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Very Low Earth Orbits (VLEOs) have been proposed as a beneficial space mission regime due to their propensity to increase instrument spatial resolution and reduce launch cost per unit mass. However, for visual instruments, these benefits come at the cost of a decreased instrument swath width. This reduction results in longer revisit periods for regions on Earth and longer time until global coverage is achieved. Conversely, light detection and ranging (lidar) as an active remote sensing technique, can benefit from larger swath widths at lower altitudes, due to the increased signal-to-noise ratio. Investigation of this relationship shows that lidar swath width is inversely proportional to altitude squared, and, as a result, the number of spacecraft required to provide a desired lidar coverage also decreases approximately in inverse proportion to altitude squared. Investigation of suitable propulsion systems shows that although propellant mass and number of thrusters required for orbit maintenance increases with decreasing altitude, the overall system mass, and hence launch cost, will, in general, tend to decrease with decreasing altitude due to the lower number of spacecraft required. For a given mission, spacecraft bus, and propulsion system, a VLEO altitude can be identified that will result in the minimum overall mission cost.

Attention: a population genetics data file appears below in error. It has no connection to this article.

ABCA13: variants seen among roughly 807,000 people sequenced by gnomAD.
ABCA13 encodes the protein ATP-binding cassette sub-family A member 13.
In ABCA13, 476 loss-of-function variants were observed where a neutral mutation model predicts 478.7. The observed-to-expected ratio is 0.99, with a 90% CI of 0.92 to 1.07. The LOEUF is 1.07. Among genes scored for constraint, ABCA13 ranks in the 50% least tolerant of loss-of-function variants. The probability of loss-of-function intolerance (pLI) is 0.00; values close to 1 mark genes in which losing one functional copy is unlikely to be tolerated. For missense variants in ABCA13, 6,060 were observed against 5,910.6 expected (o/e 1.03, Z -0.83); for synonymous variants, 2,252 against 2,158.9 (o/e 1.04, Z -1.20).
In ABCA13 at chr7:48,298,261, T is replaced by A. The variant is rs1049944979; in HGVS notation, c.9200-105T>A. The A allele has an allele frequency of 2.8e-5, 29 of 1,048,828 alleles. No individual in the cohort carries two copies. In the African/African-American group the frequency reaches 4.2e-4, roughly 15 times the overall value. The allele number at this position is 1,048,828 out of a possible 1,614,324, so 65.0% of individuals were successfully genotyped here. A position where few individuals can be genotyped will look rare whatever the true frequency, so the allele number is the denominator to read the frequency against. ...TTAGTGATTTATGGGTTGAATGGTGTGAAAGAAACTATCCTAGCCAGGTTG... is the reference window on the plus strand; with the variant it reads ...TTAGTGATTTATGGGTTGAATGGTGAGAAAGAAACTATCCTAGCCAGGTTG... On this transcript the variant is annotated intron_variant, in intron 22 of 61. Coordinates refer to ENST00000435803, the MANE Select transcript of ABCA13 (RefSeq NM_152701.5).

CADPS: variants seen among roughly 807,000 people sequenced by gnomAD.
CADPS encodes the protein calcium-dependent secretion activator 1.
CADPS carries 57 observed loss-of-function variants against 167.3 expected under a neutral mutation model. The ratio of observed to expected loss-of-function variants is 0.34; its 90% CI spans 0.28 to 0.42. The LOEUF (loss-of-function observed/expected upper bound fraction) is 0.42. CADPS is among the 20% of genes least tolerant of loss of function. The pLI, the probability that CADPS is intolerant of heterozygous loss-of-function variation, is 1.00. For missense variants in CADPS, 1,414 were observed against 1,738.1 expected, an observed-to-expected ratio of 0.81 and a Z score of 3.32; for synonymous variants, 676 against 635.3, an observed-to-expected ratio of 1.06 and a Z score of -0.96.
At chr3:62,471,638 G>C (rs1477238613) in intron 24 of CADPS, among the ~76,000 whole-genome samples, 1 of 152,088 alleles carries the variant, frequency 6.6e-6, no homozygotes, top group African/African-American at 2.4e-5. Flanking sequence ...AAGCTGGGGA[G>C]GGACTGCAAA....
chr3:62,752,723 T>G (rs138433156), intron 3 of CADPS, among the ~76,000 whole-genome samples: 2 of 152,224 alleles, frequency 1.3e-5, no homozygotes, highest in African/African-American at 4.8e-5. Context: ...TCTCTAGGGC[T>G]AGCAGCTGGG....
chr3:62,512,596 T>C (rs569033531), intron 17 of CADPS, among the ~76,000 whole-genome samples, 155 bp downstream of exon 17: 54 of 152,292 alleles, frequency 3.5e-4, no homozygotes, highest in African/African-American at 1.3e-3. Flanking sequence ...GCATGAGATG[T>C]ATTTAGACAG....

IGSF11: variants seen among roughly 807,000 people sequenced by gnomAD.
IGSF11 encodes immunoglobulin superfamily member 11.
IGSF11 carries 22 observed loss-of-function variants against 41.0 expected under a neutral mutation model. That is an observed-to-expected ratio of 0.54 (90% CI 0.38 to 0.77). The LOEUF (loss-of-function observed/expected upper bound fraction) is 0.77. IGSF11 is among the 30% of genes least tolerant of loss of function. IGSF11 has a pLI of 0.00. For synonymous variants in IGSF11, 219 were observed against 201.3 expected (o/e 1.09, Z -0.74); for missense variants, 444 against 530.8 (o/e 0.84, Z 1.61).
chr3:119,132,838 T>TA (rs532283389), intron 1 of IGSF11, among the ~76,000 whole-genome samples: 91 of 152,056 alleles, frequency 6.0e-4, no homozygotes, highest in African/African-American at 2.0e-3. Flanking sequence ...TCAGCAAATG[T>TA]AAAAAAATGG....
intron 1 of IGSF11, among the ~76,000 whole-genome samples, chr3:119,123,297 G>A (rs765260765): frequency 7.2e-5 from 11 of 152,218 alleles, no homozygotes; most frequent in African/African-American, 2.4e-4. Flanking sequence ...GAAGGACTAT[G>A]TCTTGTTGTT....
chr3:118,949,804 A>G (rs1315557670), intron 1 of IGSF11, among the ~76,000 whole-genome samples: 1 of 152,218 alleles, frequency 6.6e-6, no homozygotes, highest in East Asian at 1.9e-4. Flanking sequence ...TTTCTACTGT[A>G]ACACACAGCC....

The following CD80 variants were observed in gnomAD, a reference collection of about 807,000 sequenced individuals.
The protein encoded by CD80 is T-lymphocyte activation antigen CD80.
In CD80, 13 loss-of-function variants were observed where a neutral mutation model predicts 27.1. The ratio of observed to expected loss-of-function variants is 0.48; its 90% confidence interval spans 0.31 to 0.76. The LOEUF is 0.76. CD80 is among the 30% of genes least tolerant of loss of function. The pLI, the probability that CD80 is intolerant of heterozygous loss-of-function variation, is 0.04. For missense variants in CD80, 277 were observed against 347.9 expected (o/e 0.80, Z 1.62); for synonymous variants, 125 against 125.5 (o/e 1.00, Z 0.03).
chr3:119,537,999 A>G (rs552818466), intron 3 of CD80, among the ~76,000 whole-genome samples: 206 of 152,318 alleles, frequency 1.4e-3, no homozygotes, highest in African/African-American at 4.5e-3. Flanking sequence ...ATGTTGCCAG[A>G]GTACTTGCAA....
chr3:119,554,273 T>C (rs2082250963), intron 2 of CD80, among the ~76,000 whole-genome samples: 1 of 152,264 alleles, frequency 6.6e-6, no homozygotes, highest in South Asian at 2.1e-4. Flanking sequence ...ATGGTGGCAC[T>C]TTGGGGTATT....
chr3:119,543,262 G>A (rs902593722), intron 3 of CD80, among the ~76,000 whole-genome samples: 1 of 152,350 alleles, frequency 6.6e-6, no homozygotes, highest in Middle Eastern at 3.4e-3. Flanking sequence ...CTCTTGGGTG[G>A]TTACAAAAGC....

- Very Low Earth Orbits (VLEOs)
- Earth orbits
- light detection and ranging
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- 1 Finished
2/11/20 → 31/03/21